In his introductory press conference, Florida's new OC Kurt Roper showed that he thinks that football is still slanted towards the defense despite all of the rules that have made things easier on the offense over the years. Here's a small snippet of what he said:
"Everybody thinks this is an offensive game, now," he said. "All the rules are for offense. I say it’s just the opposite. It’s more for defense. We have to have five guys with a number 50-70 on the field at all times. Defense doesn’t have any number rules.
In college football, the offense must have at least five players numbered between 50-79 on every play; not having that many is an illegal formation. Players wearing those numbers cannot be eligible for a forward pass, i.e. the tackle-eligible play is not allowed on the college level.
The first half of that rule, about the number of players wearing Nos. 50-79, is true for all offensive formations except the scrimmage kick. You can have no one wearing those numbers on a scrimmage kick if you so choose. In order to have a legal scrimmage kick formation, the guy who is to receive the snap (either the punter or the holder on a field goal try) must be at least seven yards back of the line of scrimmage.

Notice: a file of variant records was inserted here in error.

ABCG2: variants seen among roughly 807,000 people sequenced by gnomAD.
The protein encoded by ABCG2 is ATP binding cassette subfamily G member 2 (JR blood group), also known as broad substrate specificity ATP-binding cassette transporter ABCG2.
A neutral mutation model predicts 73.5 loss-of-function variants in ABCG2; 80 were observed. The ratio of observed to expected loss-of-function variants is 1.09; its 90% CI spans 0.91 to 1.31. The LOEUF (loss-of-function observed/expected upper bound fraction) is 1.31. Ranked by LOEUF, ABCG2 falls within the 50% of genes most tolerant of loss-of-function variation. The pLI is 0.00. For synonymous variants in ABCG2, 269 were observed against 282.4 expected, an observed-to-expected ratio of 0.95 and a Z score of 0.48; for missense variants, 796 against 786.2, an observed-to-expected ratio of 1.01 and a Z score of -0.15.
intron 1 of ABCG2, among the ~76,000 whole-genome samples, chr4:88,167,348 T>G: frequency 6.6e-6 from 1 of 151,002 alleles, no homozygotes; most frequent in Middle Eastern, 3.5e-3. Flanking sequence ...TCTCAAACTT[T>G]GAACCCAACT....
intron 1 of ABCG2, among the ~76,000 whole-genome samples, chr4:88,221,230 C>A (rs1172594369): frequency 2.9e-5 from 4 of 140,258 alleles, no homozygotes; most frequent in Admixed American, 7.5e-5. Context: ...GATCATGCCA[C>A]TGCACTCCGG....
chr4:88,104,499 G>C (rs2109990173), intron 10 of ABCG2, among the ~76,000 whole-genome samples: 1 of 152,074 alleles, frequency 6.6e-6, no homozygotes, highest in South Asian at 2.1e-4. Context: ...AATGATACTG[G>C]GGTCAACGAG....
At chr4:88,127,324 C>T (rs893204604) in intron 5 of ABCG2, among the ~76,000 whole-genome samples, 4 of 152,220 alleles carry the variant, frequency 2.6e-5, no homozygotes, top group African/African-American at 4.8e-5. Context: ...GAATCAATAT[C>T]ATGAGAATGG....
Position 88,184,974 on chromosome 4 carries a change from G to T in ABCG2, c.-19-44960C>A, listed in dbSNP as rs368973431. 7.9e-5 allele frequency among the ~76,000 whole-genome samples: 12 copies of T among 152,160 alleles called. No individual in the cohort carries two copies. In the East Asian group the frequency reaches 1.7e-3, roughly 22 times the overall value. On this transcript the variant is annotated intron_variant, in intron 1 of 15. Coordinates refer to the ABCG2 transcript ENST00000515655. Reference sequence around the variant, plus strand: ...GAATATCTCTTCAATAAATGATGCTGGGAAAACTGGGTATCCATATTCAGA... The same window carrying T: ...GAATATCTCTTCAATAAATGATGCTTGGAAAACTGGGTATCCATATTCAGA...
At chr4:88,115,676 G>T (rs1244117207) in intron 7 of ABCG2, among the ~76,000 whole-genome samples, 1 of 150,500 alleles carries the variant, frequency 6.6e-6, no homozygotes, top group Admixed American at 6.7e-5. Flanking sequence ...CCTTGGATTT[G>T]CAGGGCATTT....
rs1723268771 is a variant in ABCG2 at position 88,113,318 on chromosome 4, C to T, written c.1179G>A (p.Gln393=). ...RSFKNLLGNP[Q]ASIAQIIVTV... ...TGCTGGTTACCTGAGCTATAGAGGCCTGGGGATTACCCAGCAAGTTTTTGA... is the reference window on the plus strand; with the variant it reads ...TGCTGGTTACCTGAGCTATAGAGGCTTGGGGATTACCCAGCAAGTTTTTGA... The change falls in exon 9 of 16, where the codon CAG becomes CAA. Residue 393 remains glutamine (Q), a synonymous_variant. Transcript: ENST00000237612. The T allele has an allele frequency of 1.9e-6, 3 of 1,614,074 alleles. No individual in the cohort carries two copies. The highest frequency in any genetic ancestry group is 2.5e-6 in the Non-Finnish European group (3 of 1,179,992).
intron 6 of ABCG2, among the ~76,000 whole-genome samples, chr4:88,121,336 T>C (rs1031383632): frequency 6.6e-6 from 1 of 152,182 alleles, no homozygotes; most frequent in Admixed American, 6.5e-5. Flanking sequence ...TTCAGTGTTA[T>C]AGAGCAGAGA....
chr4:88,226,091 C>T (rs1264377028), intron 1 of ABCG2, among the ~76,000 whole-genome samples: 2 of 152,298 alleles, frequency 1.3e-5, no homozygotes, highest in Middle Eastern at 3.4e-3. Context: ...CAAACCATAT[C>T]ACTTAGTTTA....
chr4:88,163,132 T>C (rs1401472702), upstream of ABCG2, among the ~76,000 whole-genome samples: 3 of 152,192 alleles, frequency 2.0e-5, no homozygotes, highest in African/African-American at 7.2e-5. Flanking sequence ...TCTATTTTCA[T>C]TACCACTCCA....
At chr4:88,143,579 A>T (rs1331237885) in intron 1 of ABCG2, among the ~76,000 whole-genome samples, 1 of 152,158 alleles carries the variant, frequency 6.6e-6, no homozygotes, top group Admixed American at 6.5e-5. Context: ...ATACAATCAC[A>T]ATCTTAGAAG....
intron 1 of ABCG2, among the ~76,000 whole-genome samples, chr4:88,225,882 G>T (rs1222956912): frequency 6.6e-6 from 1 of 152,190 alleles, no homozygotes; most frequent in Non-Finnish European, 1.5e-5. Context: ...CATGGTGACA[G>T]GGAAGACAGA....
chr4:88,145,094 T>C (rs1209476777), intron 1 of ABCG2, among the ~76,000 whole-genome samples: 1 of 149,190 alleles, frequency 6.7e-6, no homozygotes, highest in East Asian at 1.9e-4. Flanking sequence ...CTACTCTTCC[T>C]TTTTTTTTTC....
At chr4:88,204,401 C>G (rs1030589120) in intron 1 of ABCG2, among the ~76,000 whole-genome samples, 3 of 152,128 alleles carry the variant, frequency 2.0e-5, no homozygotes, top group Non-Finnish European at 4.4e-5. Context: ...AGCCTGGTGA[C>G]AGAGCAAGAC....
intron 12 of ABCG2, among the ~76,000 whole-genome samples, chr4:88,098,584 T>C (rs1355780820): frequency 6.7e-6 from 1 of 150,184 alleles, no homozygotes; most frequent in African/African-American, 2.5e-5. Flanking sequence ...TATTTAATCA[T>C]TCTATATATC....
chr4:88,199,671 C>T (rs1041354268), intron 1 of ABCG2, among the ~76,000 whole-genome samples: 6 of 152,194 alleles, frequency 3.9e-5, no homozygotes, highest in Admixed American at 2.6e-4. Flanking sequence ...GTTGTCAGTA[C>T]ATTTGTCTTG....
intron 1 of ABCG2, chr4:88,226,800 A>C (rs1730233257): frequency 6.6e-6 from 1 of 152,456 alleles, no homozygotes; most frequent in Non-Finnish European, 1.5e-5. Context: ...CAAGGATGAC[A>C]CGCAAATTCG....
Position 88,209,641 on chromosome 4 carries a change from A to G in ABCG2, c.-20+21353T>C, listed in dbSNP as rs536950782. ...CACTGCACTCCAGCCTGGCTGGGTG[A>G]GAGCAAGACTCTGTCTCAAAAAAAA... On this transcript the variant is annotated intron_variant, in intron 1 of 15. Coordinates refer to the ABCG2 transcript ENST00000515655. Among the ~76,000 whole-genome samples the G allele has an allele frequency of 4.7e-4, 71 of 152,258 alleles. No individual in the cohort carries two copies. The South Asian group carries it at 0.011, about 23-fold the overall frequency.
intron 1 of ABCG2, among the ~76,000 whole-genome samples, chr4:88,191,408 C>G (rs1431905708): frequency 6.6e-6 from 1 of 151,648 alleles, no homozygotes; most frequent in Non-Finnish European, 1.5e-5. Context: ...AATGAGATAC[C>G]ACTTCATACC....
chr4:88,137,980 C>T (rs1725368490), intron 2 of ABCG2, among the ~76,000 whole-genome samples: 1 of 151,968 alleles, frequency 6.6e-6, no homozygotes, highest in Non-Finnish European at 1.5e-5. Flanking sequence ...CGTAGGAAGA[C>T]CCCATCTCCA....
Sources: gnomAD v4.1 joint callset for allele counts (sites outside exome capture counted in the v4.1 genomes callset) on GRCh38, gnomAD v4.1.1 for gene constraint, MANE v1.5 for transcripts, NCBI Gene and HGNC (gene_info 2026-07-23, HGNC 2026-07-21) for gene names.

If you remember from a few years back, there actually was an offensive scheme called the A-11 designed to exploit that scrimmage kick formation loophole about the required number of offensive linemen. In the A-11, the offense runs every snap from a scrimmage kick formation with the quarterback at least seven yards back of the line of scrimmage. The offense then never lines up anyone numbered 50-79, meaning that in theory, all 11 players could be eligible on a given play (hence the name A-11). Only five can still go out for a pass, but there's no way of knowing which five it'll be from play-to-play.
The A-11 is illegal on most levels, including college, so Roper won't be able to bust it out in Gainesville this fall. I don't even know if he's heard of it, but I think based on his quote here, he'd love the spirit of it. It's not often you hear someone complaining about the offensive lineman numbering rules, so he might find some kindred spirits in the guys who cooked up the A-11.